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With the new decade came the rise of dance music (‘rave’, ‘techno’, ‘EDM’…whichever name you use for it) into the mainstream powered by names like Tiesto, David Guetta, and Lady Gaga to name a few. People who once thought that dance music died out with disco, forever remanded to the underground, hear these names every day now along with the dance tracks made by them. News articles like this one were written as if to both harken its return in the early days of the new decade and to wish it along. The likes of Deadmau5 and Skrillex would come into the consciousness of people like middle-aged aunts and uncles, grandparents, and moms and dads across the country to eclipse names like 50 Cent and Kayne West as the younger generations around them began to dance to the new beat. Out with the old and in with the new…

Hip Hop died when it hit the mainstream, so say its earliest fans and makers. You wouldn’t know it if you weren’t part of that scene since it seemed like you couldn’t get away from it even if you wanted to. And the same would be said for all the genres that it eclipsed upon their mainstreaming, too; Nirvana brought us Grunge just as Elvis brought us Rock-n-Roll, and there were lots of people who didn’t think any of this was good for the music itself. So what is to come of electronic dance music?

“Techno” built the rave scene, loosely-defined as those two terms are by many. Illegally-thrown dance parties attracted only those who were in-the-know, and many of the dance tracks being played there would only be heard that one time as the records made of acetate wore down and the DJs playing them moved on to the next party. The arrival of burnable CDs and internet radio would allow for some producers, as the creators of this music are known, to make names for themselves within this scene and become proto-stars in their own right. It was seen as a virtue that names like John B. and Armin van Buuren weren’t even known outside of the dance music scene. Legitimacy was automatic if the music was good enough to be played at all. And the fact that this music seemed to purposefully be ignored by the mainstream almost seemed like an immunity to the whole notion of someone becoming a ‘sellout’.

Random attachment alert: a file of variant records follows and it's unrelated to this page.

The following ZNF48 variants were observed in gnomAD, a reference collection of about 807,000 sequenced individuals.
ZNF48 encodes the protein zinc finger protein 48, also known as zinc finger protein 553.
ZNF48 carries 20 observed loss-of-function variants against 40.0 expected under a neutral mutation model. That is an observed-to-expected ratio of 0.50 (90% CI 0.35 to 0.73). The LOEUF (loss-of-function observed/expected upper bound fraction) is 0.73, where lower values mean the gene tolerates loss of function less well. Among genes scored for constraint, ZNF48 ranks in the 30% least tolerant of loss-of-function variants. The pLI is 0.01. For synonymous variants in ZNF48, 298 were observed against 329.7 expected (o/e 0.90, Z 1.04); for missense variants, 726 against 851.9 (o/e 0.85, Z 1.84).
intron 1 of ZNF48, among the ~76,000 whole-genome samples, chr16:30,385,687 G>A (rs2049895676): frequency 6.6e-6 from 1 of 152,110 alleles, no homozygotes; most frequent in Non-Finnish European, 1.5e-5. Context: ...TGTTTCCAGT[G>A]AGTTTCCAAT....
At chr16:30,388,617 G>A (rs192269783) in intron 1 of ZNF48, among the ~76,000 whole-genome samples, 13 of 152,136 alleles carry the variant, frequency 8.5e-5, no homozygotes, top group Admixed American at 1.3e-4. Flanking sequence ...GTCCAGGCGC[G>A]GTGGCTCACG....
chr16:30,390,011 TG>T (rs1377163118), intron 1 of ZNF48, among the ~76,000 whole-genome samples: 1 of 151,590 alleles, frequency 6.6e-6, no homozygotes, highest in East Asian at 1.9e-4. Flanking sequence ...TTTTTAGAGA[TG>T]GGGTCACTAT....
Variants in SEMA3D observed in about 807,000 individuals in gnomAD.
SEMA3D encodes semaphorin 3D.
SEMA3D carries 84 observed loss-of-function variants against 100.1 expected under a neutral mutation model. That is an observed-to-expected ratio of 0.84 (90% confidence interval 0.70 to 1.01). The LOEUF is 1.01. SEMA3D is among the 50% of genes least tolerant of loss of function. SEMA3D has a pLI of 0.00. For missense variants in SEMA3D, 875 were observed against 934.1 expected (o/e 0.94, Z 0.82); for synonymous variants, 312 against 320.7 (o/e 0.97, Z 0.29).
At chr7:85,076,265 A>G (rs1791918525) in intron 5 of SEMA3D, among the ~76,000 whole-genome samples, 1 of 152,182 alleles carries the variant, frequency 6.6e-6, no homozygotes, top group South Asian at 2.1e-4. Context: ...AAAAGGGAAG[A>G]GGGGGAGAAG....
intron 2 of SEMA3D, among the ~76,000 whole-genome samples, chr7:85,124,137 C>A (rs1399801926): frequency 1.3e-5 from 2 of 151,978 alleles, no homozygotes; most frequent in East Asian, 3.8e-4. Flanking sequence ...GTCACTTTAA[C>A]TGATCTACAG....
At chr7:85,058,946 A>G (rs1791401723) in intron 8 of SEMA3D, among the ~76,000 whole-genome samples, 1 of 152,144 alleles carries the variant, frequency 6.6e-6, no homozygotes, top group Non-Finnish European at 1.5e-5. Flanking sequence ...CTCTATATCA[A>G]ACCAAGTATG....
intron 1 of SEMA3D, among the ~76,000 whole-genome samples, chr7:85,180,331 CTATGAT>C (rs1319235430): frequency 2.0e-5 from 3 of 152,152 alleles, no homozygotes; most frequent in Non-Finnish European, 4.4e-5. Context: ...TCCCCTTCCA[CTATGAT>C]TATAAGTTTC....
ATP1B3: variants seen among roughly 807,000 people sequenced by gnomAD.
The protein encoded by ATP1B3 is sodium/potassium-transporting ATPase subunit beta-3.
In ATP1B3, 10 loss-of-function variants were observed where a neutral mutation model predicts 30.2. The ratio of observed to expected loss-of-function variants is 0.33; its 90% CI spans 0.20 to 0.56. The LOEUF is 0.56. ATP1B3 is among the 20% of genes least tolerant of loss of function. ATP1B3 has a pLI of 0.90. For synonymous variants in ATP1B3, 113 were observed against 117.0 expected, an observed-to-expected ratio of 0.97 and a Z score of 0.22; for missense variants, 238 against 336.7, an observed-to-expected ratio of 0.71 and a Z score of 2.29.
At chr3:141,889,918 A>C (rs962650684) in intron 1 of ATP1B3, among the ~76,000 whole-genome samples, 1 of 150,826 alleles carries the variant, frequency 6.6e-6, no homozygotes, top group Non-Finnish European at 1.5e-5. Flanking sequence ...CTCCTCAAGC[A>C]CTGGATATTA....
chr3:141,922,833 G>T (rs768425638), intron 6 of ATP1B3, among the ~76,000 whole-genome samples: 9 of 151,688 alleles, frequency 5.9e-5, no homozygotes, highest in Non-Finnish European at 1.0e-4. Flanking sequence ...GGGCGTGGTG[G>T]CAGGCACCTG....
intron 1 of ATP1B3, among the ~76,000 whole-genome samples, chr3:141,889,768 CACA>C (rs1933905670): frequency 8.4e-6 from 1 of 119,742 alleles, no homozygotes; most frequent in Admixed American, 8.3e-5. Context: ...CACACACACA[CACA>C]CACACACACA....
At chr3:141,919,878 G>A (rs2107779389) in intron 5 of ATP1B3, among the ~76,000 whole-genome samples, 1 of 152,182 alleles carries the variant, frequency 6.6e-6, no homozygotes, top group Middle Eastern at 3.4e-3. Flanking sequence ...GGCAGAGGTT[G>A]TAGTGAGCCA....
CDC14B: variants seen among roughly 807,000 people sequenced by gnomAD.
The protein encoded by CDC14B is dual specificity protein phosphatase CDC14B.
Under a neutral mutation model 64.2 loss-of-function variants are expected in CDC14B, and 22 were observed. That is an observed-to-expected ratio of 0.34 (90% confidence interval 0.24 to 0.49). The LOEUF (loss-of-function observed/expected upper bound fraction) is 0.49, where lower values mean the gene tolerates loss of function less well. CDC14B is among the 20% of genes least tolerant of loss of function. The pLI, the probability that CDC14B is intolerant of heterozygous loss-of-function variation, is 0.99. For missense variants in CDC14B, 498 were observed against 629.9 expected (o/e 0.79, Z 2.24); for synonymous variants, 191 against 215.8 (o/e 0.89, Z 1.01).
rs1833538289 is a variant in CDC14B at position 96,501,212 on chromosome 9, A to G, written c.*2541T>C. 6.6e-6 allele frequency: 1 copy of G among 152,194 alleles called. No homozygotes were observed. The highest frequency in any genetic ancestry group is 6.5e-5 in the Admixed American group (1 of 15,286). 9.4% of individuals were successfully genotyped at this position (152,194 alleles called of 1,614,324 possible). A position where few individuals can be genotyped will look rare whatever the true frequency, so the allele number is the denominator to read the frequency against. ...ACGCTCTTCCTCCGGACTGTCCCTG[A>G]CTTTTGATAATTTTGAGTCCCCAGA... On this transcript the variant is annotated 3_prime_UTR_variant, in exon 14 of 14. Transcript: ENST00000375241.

‘Music festivals’, like little mini dance-music Woodstocks in their own right, would raise the consciousness of the masses toward the music almost as a natural progression of things. Meanwhile, divas who spanned generations would start playing with vocoders and teaming up with dance music producers to keep themselves fresh and relevant. And so the mainstreaming of dance music would begin.

A recent New York Times article talks about the dry, corporate under-the-hood developments taking place – as both the result of and the driving force behind – electronic dance music’s rise. Murmurs among dance music devotees show concern that this scene, too, might become co-opted, corporatized, overplayed and ultimately killed off. Underground music scenes tend not to have a #1 position to be filled by one superstar so much as many top spots for many different types of producers; house, DnB, trance, techno…. and as focus groups replace candy kids as the final judges of what songs should hold the top spots, many fear that the very essence of the dance music scene will be lost. Time will tell. It always does.

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